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Opinion: Worthy challenges hard but rewarding

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“If it wasn’t hard, everyone would do it. It’s the hard that makes it great.”

Tom Hanks’ character in “A League of Their Own” spoke those words about the game of baseball.
President John F. Kennedy reminded and challenged Americans that “this country of the United States was not built by those who waited and rested and wished to look behind them. This country was conquered by those who moved forward.

“We choose to go to the moon. We choose to go to the moon in this decade and do the other things, not because they are easy, but because they are hard, because that goal will serve to organize and measure the best of our energies and skills, because that challenge is one that we are willing to
accept, one we are unwilling to postpone, and one which we intend to win, and the others, too.”

What will “organize and measure the best of our energies and skills” in Springfield in 2010?

I believe one of the other things that Kennedy deliberately noted includes earthly endeavors such as revitalizing our urban areas.

Ten years ago, few envisioned the beauty of Jordan Valley Park and thousands of fans at Hammons Field. Five years ago, no one imagined creating an IDEA Commons research park from a vacant feed mill. Three years ago, community health needs were vastly underserved in a cramped Jordan Valley Health Center. One year ago, the Wheeler’s Building was an empty shell awaiting its new Price Cutter grocery store and lofts.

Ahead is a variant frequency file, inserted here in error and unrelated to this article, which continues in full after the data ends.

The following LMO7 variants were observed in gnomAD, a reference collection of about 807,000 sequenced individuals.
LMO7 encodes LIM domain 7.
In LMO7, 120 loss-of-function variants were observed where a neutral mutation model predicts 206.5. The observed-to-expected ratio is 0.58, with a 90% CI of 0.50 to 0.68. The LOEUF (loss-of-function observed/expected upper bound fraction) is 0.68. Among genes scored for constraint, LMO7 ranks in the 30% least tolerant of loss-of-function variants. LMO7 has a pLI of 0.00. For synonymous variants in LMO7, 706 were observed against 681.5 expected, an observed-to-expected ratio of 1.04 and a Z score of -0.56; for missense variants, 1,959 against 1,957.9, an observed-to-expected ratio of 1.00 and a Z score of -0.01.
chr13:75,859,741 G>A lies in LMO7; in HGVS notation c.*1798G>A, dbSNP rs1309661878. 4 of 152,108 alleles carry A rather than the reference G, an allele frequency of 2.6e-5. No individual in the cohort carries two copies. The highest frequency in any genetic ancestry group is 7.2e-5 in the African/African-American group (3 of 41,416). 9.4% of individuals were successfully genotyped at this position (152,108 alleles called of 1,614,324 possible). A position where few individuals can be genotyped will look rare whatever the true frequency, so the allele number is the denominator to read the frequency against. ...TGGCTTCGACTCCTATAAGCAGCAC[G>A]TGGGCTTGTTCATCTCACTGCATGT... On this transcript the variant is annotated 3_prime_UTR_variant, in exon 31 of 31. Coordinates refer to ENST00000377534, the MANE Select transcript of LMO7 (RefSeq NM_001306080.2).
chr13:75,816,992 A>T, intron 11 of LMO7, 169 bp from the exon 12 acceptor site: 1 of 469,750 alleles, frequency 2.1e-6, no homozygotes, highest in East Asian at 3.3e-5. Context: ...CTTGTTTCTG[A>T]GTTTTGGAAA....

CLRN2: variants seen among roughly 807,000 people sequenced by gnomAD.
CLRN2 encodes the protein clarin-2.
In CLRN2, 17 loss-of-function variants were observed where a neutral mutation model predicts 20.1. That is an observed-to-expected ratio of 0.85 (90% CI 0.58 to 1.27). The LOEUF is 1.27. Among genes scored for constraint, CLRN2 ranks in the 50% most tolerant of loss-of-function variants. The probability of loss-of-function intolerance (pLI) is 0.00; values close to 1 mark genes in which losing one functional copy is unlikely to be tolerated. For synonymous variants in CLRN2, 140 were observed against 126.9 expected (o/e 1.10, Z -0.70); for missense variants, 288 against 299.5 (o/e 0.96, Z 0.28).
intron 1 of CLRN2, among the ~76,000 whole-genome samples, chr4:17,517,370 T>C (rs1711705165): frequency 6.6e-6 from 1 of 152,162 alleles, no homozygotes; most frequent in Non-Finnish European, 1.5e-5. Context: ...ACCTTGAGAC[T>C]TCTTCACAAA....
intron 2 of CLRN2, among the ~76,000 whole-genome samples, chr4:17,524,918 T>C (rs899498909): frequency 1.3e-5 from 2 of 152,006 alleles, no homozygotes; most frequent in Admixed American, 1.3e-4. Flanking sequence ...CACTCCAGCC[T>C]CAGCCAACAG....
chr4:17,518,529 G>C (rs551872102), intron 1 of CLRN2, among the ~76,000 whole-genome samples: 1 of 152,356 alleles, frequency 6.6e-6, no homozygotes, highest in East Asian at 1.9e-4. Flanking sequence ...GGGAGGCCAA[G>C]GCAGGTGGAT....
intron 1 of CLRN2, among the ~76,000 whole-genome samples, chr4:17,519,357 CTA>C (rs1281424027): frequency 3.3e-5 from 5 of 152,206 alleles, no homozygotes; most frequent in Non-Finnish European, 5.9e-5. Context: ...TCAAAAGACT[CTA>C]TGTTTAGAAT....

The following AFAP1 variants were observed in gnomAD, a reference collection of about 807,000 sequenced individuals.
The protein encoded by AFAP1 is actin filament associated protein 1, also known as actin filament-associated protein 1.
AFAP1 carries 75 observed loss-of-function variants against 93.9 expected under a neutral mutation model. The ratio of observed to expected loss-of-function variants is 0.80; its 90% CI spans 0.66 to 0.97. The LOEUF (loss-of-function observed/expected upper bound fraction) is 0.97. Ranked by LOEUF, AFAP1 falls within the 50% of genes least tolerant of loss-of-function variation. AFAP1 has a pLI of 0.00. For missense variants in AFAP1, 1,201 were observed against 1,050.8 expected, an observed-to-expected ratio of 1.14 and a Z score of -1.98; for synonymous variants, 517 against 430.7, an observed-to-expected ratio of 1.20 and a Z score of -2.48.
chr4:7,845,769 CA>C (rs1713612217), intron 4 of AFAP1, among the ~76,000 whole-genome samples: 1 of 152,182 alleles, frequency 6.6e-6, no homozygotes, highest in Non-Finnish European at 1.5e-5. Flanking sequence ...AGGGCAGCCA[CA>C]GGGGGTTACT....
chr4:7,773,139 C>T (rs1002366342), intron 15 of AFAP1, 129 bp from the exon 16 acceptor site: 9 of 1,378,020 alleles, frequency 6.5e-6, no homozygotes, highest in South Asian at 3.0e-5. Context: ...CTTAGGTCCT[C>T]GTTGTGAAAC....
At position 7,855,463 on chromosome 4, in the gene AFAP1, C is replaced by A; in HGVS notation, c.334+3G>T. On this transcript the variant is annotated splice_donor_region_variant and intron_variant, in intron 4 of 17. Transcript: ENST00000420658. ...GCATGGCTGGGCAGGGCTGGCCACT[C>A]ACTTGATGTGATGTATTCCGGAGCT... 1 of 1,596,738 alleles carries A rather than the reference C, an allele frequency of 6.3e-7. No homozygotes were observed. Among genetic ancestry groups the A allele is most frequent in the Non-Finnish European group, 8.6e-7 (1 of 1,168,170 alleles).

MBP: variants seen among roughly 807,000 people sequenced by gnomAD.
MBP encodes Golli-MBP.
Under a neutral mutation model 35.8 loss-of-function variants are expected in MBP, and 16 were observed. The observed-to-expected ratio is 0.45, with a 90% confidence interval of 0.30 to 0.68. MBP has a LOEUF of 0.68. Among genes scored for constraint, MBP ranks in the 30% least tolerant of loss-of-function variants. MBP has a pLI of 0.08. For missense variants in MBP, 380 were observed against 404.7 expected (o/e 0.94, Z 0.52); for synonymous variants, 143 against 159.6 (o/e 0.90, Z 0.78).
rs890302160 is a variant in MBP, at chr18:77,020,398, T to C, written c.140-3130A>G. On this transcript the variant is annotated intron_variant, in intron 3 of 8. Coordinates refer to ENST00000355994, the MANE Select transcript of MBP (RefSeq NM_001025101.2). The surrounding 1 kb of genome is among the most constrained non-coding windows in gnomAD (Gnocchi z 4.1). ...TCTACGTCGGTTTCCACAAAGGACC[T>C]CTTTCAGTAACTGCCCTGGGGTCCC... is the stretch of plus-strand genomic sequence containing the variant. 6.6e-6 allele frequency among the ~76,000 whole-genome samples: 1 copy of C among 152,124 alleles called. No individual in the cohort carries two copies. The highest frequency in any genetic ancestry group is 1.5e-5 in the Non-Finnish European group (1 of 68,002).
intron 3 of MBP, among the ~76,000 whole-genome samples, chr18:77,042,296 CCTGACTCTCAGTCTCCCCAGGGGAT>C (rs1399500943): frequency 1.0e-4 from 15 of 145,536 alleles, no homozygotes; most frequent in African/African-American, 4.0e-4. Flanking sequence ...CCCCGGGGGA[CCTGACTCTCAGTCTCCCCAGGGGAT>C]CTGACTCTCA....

Despite these significant achievements, there is still much work left to be done. Once-proud buildings such as Heer’s, Woodruff, McDaniel, Newberry and Woolworth remain dark. Local retail is coming back but has yet to achieve adequate economies of scale. Not enough major employers follow BKD’s and Husch Blackwell Sanders’ examples by investing in center city.

The homeless continue to reach out for help. Alternative transportation is still the exception and not the rule. Too few families consider center city schools and neighborhoods. Too many still have outdated perceptions of downtown from the 1980s.

Just as the space race required the expertise of hundreds of thousands of people from across the country, creating a more vibrant and inviting center city for Springfield is a team effort. Many dedicated developers, business owners, residents, students and community leaders already have stepped forward to contribute time, talents and treasure. They are tackling challenges they are unwilling to postpone and determined to win.

Supporting that pioneer spirit is as easy as going to dinner, consciously choosing to buy your next gift downtown or bringing the family to a community event. That part isn’t rocket science.
Finally, Tom Hanks stated in the HBO miniseries “From the Earth to the Moon”: “From now on we live in a world where man has walked on the moon. It’s not a miracle; we just decided to go.”
We can achieve what is hard in center city revitalization, if enough of us decide to go.

Rusty Worley, executive director of Urban Districts Alliance, can be reached at[[In-content Ad]]


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